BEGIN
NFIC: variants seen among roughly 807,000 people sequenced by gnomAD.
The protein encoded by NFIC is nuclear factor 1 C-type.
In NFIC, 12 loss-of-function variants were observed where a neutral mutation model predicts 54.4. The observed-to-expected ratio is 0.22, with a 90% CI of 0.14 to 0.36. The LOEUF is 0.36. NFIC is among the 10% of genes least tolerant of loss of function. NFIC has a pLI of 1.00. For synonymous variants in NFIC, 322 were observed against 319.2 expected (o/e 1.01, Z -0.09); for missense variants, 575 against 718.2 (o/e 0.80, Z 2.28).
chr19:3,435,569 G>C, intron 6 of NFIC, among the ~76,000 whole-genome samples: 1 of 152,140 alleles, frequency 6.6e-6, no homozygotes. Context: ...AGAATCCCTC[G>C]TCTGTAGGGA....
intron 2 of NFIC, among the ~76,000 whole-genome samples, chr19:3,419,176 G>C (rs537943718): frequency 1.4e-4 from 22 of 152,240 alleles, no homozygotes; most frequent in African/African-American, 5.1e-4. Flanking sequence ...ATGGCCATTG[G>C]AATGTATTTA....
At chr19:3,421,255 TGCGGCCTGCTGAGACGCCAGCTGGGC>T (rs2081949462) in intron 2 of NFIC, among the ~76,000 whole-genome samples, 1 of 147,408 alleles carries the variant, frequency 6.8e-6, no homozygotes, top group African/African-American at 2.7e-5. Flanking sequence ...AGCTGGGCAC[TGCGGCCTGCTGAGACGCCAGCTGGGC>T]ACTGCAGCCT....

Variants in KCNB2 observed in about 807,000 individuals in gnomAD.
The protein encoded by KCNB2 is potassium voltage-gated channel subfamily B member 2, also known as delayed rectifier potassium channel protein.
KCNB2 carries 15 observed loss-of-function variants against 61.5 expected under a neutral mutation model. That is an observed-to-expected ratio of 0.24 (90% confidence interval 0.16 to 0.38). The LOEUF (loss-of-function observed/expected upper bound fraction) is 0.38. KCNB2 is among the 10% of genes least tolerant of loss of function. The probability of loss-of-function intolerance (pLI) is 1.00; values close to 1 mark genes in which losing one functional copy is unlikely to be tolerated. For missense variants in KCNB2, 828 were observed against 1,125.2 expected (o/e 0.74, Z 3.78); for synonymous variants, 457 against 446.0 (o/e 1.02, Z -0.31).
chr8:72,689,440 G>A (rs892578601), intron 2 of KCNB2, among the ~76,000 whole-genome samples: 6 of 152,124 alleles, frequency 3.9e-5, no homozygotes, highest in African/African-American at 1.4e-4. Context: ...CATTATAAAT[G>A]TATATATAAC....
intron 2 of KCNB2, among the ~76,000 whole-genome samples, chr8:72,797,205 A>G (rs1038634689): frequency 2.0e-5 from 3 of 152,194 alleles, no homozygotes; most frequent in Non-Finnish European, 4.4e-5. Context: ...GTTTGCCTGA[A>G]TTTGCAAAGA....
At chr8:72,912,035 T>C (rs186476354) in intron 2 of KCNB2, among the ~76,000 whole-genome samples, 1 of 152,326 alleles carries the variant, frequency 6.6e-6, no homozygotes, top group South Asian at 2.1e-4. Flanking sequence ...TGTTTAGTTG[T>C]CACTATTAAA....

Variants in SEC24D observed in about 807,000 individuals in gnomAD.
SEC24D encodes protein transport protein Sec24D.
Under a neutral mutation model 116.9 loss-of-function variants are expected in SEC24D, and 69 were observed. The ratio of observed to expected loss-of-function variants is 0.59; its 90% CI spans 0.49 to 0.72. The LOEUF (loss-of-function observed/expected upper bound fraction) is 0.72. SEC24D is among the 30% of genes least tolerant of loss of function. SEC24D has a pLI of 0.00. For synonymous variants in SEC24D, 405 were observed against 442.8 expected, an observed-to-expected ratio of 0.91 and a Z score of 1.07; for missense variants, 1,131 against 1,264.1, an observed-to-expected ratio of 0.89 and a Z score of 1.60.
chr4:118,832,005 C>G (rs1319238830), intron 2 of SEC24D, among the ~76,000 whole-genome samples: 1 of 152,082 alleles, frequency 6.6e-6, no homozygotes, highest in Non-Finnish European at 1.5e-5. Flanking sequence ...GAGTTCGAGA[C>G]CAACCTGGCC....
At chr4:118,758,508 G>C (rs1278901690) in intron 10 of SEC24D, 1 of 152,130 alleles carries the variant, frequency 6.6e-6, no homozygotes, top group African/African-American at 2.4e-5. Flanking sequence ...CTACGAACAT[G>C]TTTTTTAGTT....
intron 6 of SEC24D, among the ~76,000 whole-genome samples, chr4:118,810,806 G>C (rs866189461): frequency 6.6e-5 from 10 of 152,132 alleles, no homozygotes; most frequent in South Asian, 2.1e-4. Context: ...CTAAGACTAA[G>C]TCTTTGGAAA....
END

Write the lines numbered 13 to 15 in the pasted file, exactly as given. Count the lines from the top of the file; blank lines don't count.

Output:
Variants in SEC24D observed in about 807,000 individuals in gnomAD.
SEC24D encodes protein transport protein Sec24D.
Under a neutral mutation model 116.9 loss-of-function variants are expected in SEC24D, and 69 were observed. The ratio of observed to expected loss-of-function variants is 0.59; its 90% CI spans 0.49 to 0.72. The LOEUF (loss-of-function observed/expected upper bound fraction) is 0.72. SEC24D is among the 30% of genes least tolerant of loss of function. SEC24D has a pLI of 0.00. For synonymous variants in SEC24D, 405 were observed against 442.8 expected, an observed-to-expected ratio of 0.91 and a Z score of 1.07; for missense variants, 1,131 against 1,264.1, an observed-to-expected ratio of 0.89 and a Z score of 1.60.